This seminar begins with a review of cognitive development from the preschool through the middle school years (preoperational and concrete operational stages) from several viewpoints, including the Minime orientation. Then the theoretical basis for the NEPSY will be presented followed by a description of the subtests, their administration procedures, and the scoring. Caveats on interpretation will be included. A few examples, including one on videotape, will be presented and an introduction to interpretation provided. A background in developmental and neuropsychology are required.
PSY-676A Asmt- Neuropsychological Screening, 0.5 semester credits
Administration, scoring and use of several screening instruments.
PSY-677 Asmt- Introduction to Neuropsychological Assessment, 1 semester credits
This lab presents practice in administering, scoring and interpreting the salient components of neuropsychological assessment.
PSY-678 Asmt- Halstead-Reitan Battery, 1 semester credits
The H-R neuropsychological battery, one of the most prominent comprehensive neuropsychological assessment devices, will be demonstrated in detail.
PSY-682 Asmt- Advanced Topics in Neuropsychology, 1 semester credits
This lab will cover special advanced topics in the area of neuropsychological assessment and reporting. Students will review measures and modalities of neuropsychological assessment that are specific to the chosen topic of study. A description of the content to be covered in this lab will be provided by the presenting faculty.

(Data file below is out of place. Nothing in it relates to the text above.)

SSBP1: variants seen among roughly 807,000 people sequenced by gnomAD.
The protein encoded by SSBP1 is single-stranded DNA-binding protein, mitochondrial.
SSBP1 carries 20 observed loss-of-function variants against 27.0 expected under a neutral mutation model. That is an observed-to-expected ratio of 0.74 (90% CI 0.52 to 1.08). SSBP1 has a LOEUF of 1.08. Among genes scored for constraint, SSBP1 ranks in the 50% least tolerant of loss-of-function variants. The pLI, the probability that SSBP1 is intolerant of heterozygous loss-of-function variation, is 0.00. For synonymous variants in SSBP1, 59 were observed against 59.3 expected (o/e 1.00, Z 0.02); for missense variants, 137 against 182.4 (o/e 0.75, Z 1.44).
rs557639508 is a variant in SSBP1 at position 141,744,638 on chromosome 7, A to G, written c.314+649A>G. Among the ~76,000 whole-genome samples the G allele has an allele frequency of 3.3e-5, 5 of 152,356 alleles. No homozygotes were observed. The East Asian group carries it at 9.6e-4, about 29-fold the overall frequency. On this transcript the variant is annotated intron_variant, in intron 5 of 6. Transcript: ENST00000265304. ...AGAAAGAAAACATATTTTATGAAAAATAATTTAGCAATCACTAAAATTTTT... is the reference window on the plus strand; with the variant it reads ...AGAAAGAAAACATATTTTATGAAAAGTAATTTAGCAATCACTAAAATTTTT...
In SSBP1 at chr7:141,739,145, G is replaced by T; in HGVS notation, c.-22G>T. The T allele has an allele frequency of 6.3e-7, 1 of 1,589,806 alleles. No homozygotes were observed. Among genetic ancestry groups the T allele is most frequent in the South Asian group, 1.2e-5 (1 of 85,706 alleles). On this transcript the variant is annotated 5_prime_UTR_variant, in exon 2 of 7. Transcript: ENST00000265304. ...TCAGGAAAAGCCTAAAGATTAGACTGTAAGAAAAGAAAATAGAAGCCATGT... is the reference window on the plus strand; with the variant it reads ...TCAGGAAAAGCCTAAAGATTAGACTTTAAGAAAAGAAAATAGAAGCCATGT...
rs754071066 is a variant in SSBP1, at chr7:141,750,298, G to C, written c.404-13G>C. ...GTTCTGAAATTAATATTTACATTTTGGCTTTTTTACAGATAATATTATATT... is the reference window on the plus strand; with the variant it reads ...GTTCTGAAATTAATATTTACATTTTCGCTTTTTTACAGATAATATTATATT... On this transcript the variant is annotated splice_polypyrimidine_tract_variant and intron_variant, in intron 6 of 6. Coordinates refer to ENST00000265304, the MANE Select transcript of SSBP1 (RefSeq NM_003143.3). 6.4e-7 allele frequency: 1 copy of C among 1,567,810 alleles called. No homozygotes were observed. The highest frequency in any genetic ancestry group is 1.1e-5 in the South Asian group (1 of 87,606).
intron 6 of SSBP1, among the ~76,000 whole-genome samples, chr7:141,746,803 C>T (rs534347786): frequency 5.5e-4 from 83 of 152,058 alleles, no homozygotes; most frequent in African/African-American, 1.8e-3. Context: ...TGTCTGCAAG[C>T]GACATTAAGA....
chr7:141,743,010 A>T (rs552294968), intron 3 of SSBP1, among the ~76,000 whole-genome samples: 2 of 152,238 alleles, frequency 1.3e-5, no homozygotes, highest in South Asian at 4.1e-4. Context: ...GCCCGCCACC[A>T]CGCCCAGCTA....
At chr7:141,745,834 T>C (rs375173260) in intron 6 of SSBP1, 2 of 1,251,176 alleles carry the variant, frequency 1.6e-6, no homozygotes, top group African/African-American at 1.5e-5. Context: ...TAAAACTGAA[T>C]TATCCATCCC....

PSY-683 Asmt- Cognitive Assessment, 1 semester credits
Various theories of cognition will be reviewed with a view toward the changes in the concept. This will be followed by an historical account of cognitive assessment, concluding with a presentation and discussion of the current status of cognition and the instruments used to measure it. A background in History and Systems and the Cognitive Bases of Behavior as well as neuropsychology will be helpful. Advanced interpretation of the Stanford-Binet and other standard tests of intellectual functioning will be discussed. The seminar will begin with theories of intelligence and then progress through an analysis of how the various non-Wechsler instruments address the needs of the clients. Several theories of cognition will be reviewed with a view toward the changes in the concept. This will be followed by an historical account of cognitive assessment, concluding with a presentation and discussion of the current status of cognition and the instruments used to measure it. A background in History and Systems and the Cognitive Bases of Behavior as well as neuropsychology will be helpful.